The Woman Today
Marie Saltwick: Denfeld’s Uncrowned
By Paul Lundgren
In some ways, Marie Saltwick was as ordinary as
they come. She fit the mold of the classic 20th Century schoolteacher:
stern and detail-oriented, with a dry wit and that confident way
of staring down misbehaving students over the top of her glasses.
She lived in Duluth almost all of her life and
did nothing extravagant. She never had a new car. She seldom traveled.
She mowed her own lawn, even when she was eighty years old. No one
had any idea that she was a millionaire.
What people did know was that Saltwick led a life
of quiet generosity. She taught biology for forty years at Denfeld
High School, where she was always willing to put in extra time for
struggling students. At home, she cared for her older siblings and
the parents of some of her colleagues at Denfeld. She was a smart,
caring woman who wasn’t one to cause a stir.
Following her death in 2001, however, Saltwick
caused quite a stir. She had willed the majority of her unknown
fortune to the Greater Denfeld Foundation for student scholarships.
Her gift of $2.7 million allowed the foundation to up its annual
scholarship allocations from about $8,000 per year in 2000 to what
will likely be over $100,000 per year in 2005.
Because the scholarships are paid exclusively
with money earned from dividends and interest, the foundation’s
assets will remain at nearly $2.9 million, and only grow with future
donations. In the course of time, Saltwick could end up putting
more young people through college than she taught during her entire
A Humble Past
She was born in Duluth on January 20, 1908, the last of Andrew Saltwick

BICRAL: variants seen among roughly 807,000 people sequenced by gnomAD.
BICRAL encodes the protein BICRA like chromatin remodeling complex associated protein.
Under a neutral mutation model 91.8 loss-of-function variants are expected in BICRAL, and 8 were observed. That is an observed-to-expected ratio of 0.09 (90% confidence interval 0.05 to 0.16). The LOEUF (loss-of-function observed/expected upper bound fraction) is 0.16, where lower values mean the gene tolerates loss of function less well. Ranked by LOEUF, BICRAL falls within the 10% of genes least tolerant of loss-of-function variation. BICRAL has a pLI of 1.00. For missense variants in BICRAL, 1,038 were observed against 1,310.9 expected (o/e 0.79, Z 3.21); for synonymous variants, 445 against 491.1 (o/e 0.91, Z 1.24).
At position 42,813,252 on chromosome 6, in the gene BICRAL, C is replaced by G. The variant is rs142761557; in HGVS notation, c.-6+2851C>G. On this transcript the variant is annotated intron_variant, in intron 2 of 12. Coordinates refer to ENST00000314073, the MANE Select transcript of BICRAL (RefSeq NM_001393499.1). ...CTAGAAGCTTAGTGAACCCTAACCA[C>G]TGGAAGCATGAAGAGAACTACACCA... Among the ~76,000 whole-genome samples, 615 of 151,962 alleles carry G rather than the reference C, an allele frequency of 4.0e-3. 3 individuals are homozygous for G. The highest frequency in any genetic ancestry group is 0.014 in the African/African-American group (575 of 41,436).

and Hilma Spetz’s seven children. The family lived at 4001
W. Superior St., where the West Duluth Perkins Family Restaurant
Marie’s sister Dorothy suffered from rheumatoid
arthritis and was an invalid from the time she was fourteen. Marie
was raised caring for her sister, something she did for most of
Marie graduated from Denfeld in 1925. After high
school, she attended Carleton College in Northfield, Minn., where
she studied biology.
“There weren’t many women in science
in those days,” said Jean Endrizzi, a colleague of Saltwick’s
at Denfeld and a longtime personal friend and neighbor. “Marie
was an environmentalist. She was concerned about people’s
waste of materials and resources. Way back then, planting trees
and seeing that they were taken care of — the whole outside
environment — was exceedingly important to her.”
Saltwick received her teaching degree in 1929
and became a teacher and principle of a two-room schoolhouse between
Embarrass and Biwabik. She stayed there only one year, returning
home to Duluth to take a job at Denfeld in the fall of 1930.
During her first year at Denfeld, she taught math
and English, then switched to biology her second year. She was known
as a stern and demanding teacher who insisted that her students
perform to the best of their abilities.
“She follows a system and students learn
much,” reads the caption next to her photo in the 1958 Denfeld
Oracle, the school’s yearbook.
“Marie was very strict in her way,”
Endrizzi said. “She was demanding, but understanding. If a
kid had it, she expected him to perform. If he had lesser abilities,